Timely access to corporate data is the lifeblood of most organisations. Deals fall through because information is not available at a critical moment in the sales process. Conversely, the most ambitious of targets can be reached if the right person has the right information at the right time. Indeed, improved access to corporate data is now the expectation – not the hope – of many employees.
Most, however, lower these expectations when they are out the office, working from home, on the road or in the field. Even laptop users expect to work with slightly dated information until they can locate a phone line for their modems. Yet advances in technology are making corporate information pervasive to many workers when they are travelling, at home or otherwise away from their desktop PC.
The main issue is connectivity. Without some kind of physical connection to a network, access to corporate systems and data has been impossible. Even the advent of dial-up connections (either to the Internet or to remote access servers),
failed to address vital issues of security, price, speed of access and availability of phone points.
“Enterprises have invested huge amounts of money in modem pools around the world to provide their mobile workers with Internet access and access to their own networks,” says Dr Hong Chen, CEO of Internet-based mobile office communications services specialist GRIC Communications. “But these are hard to manage and are expensive to maintain,” he adds.
GRIC Communications’ MobileOffice technology is designed to provide organisations with worldwide Internet access for their mobile workers in the form of an outsourced service. Subscribers to GRIC’s MobileOffice are provided with a constantly updated database listing local access points in cities around the world on their laptops, together with security services that include virtual private network (VPN) support so that they can connect securely to their company’s network, firewall technology to prevent unauthorised access to their machine, and intrusion detection software that can spot attempts at unauthorised access.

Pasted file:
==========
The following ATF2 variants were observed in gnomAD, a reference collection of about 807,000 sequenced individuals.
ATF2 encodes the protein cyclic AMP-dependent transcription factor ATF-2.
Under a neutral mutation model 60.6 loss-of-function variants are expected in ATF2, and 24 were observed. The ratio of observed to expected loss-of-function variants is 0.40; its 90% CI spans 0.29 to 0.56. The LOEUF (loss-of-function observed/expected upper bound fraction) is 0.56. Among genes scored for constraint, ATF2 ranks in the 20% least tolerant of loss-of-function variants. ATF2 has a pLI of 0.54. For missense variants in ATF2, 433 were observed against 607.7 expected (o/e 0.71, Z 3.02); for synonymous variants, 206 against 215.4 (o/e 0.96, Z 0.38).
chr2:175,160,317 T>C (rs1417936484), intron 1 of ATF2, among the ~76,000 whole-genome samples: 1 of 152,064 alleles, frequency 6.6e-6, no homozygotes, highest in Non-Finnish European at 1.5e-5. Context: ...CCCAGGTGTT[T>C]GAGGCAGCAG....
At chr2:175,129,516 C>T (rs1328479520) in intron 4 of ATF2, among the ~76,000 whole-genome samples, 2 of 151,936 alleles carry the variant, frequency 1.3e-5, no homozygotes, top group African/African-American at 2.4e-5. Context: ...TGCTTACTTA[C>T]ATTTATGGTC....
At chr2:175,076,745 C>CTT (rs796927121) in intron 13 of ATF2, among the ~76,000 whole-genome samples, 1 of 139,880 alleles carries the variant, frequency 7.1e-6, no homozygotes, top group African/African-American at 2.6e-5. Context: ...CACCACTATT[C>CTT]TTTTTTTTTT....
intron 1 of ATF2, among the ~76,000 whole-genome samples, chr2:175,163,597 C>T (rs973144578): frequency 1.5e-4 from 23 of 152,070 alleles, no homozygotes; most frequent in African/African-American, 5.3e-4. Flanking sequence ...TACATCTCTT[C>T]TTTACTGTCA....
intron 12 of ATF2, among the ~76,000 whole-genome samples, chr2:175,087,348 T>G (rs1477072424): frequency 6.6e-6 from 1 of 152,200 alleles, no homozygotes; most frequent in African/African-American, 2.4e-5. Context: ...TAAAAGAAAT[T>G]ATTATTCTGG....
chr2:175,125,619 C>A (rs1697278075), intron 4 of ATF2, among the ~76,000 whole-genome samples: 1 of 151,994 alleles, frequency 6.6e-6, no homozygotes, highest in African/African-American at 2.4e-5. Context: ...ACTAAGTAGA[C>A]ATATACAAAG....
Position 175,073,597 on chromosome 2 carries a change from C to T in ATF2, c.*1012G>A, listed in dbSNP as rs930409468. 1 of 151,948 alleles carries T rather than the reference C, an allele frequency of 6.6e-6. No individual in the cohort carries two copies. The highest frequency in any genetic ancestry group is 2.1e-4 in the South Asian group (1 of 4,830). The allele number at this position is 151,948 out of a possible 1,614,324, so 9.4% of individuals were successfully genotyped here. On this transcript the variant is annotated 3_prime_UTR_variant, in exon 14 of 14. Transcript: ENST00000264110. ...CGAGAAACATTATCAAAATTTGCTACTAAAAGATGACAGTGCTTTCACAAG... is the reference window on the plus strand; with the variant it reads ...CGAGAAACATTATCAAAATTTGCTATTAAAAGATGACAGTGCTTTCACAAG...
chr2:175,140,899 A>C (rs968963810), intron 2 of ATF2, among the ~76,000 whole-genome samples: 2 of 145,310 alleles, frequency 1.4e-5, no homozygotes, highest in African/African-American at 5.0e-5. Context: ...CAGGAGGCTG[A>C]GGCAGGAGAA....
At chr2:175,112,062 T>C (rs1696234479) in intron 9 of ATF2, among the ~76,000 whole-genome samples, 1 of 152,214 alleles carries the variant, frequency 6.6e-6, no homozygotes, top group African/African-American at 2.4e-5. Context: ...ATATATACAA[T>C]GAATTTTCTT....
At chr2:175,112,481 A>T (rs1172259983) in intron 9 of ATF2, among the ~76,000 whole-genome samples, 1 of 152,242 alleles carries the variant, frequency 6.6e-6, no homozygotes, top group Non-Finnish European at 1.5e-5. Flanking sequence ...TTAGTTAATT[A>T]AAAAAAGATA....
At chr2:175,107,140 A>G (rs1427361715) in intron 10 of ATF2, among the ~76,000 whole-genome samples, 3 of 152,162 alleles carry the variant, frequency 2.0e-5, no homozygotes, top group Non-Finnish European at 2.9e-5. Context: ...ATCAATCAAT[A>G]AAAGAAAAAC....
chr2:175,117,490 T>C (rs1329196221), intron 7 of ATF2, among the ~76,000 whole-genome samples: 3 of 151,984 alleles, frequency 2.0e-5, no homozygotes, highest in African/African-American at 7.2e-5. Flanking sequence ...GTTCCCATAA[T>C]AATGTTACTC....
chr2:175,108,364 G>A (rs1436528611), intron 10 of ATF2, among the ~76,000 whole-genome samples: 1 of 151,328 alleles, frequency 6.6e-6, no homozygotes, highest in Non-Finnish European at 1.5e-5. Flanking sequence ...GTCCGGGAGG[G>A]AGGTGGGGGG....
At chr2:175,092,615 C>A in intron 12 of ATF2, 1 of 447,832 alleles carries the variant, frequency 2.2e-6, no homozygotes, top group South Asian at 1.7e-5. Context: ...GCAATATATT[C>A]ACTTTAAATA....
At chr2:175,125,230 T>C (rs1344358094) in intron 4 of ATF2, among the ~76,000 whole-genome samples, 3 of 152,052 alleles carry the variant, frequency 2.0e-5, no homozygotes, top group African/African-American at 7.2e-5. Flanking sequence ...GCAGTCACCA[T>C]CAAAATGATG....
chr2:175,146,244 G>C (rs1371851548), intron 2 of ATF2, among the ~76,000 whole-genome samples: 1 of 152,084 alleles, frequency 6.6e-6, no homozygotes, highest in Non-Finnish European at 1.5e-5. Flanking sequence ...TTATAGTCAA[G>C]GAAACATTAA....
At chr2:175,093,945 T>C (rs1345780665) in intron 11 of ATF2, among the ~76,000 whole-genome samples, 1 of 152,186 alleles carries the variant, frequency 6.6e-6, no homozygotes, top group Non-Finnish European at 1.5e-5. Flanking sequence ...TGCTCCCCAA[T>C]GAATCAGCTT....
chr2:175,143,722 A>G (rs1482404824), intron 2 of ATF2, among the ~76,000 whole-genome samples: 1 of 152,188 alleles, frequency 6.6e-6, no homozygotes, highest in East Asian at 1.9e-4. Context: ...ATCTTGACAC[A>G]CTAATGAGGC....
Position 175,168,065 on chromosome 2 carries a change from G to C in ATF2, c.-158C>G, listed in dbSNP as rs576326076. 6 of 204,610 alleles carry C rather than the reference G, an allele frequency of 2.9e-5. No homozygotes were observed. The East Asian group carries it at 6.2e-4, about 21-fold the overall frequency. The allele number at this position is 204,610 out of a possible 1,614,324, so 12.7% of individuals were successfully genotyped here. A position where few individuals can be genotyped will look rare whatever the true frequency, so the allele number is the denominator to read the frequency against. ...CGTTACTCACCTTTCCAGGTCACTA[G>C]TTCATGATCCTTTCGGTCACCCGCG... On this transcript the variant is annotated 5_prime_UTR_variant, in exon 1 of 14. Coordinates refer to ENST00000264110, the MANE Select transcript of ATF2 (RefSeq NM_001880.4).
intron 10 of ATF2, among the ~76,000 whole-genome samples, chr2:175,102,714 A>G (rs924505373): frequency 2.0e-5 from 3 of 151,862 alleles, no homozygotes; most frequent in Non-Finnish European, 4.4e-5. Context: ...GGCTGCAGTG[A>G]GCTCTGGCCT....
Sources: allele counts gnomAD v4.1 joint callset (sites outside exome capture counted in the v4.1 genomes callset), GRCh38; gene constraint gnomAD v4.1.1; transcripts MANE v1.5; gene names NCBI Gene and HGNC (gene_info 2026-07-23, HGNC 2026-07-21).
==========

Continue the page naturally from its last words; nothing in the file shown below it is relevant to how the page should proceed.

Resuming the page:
However, while GRIC provides cheaper and almost-global Internet service to its subscribers, it is still a dial-up service and so comes with restrictions on its speed and how it is accessed; for example, GRIC MobileOffice needs to be dialled over a phone connection. If there is no wall socket nearby, there is no Internet access for the conventional laptop user with a modem card.
Mobile phone technology addresses some of these issues, but introduces others. Many mobile phones have infra-red ports or have optional data cables so laptop users with the appropriate equivalent connections can use their mobiles to provide the phone lines for their modems. However, infra-red is notoriously fiddly and short-range, requiring a line of sight between laptop and phone to work, while cables are usually non-standard, require software drivers to work and are an additional item to be packed – and potentially, mislaid – on business trips.
The emergence of laptops and mobile phones equipped with Bluetooth, however, is making it far easier for mobile users to connect their devices. Bluetooth is a short-range wireless system for connecting personal devices to each other without the need for cables. It requires little power and no large aerial. Rather than having to connect up the phone to the laptop, the Bluetooth user can leave the phone in his or her pocket while the computer accesses the phone wirelessly.
Bluetooth’s low power requirements mean that it can also work within PDAs. Pocket PC- and Palm OS-based devices are already available that can browse the Internet and access corporate networks over a VPN using Bluetooth connections to mobile phones. Some phones – such as Handspring’s Treo Communicator – are also Pocket PCs or Palm OS devices. These ‘smart phones’ provide similar capabilities to PDAs and mobile phones in a single, integrated device.
Dean Murphy, chief technology officer at wireless consultancy Satsuma Solutions, says there are arguments in favour of both approaches. “For some, it’s easier to have an all-in-one system. You only have to give the employee one device, he or she only needs to carry one device, they cost less than the two devices combined, and are smaller. But the all-in-one systems tend to compromise in both areas – they’re not as good a PDA as a dedicated device, and they’re not as good a phone as a dedicated phone.”
Murphy has extensive personal experience of these drawbacks, he adds. “Personally, I’ve upgraded my PDA twice and my phone three times in the last few years, getting the device with the features I need at the time. With an all-in-one device, you have to upgrade the whole thing to get the new features you only want from the PDA or the phone,” he says.